By Wayne MacPhail
Anthony Pasto considers himself just a sales and marketing guy. In a former life Pasto ran a ball hockey league with a 100 staff members. These days his colleagues, almost all female, number in the millions - working away in 100 hives scattered across Southern Ontario. Pasto is a beekeeper and the owner of Happy Bees Apiary. His company produces small batches of flavoured honeys (lemon, cherry, cinnamon etc.) that Pasto and his reps sell at farmers' markets, trade shows and food fairs. Pasto places his hives in fields far from farms that might spray neonicotinoids. When we visited him at the end of April he was working on hives in a field owned by Dillon's Distillery in Beamsville. During the summer his staff of 12 work the hives with Pasto, learning the bees' habits and the process of honey production. But, Pasto also likes to be outside alone with his bees, which he calls "ladies". This time of year Pasto is checking to see how the bees overwintered, and which hives didn't make it. He also gives them powdered medication against foul brood and sets out some sugar water to get them through the lean spring when only sparse dandelions supply nectar. In return by the end of the season each hive will give up over sixty pounds of honey, along with beeswax for candles and lip balm. Pasto loves looking for the queen in each hive busily laying nearly 2,000 eggs a day into the spic-and-span hives her ladies-in-waiting have prepared of her. "I love this," says Pasto, examining a beautifully regular honeycomb. "I could do this all day."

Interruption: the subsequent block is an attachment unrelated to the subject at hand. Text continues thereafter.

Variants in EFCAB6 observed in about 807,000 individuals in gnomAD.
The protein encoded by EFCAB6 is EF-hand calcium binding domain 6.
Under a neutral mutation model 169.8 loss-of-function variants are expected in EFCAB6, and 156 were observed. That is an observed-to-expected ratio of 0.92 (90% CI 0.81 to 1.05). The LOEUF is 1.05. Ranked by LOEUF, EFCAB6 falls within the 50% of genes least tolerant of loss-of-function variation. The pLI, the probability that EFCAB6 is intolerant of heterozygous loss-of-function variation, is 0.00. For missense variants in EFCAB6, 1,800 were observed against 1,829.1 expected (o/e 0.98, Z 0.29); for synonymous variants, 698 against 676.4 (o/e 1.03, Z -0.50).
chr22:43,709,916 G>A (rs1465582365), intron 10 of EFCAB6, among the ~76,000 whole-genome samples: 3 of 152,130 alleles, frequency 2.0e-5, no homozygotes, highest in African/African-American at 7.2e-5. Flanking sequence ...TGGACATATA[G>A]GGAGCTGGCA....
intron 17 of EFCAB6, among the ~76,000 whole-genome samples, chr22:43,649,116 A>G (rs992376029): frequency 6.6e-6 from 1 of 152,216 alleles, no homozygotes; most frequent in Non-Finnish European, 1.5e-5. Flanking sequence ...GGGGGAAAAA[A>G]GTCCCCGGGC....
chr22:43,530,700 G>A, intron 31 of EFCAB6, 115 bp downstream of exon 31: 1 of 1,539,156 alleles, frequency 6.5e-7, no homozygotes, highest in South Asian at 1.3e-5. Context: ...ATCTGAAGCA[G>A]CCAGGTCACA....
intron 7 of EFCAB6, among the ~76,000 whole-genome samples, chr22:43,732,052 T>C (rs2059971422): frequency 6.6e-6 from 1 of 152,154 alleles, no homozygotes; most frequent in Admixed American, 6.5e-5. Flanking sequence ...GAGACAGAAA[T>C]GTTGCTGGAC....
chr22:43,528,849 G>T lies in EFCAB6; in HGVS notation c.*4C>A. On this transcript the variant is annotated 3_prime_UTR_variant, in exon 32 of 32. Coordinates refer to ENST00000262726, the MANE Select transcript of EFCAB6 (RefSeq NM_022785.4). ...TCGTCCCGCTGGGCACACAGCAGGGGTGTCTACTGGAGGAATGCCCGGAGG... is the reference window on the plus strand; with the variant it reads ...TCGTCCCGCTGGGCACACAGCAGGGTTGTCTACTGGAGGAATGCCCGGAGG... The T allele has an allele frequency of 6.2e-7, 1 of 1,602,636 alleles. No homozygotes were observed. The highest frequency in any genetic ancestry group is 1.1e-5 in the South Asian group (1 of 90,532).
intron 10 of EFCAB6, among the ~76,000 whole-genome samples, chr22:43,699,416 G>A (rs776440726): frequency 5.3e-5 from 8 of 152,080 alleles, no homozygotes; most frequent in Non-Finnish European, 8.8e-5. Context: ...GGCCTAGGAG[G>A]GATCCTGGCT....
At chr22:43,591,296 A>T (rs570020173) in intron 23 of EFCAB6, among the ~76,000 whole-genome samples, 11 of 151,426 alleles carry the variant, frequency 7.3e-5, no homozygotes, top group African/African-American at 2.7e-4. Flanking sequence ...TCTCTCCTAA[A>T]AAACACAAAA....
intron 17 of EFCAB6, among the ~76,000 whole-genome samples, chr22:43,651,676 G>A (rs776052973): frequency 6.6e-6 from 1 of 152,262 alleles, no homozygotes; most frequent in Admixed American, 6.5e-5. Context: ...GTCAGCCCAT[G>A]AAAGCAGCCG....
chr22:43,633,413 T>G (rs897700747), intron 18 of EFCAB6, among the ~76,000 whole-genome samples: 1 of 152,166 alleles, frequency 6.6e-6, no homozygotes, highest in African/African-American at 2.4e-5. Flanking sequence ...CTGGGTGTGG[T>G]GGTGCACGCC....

Video by Wayne MacPhail with additional footage by Barbara Ledger.
Photos by Wayne MacPhail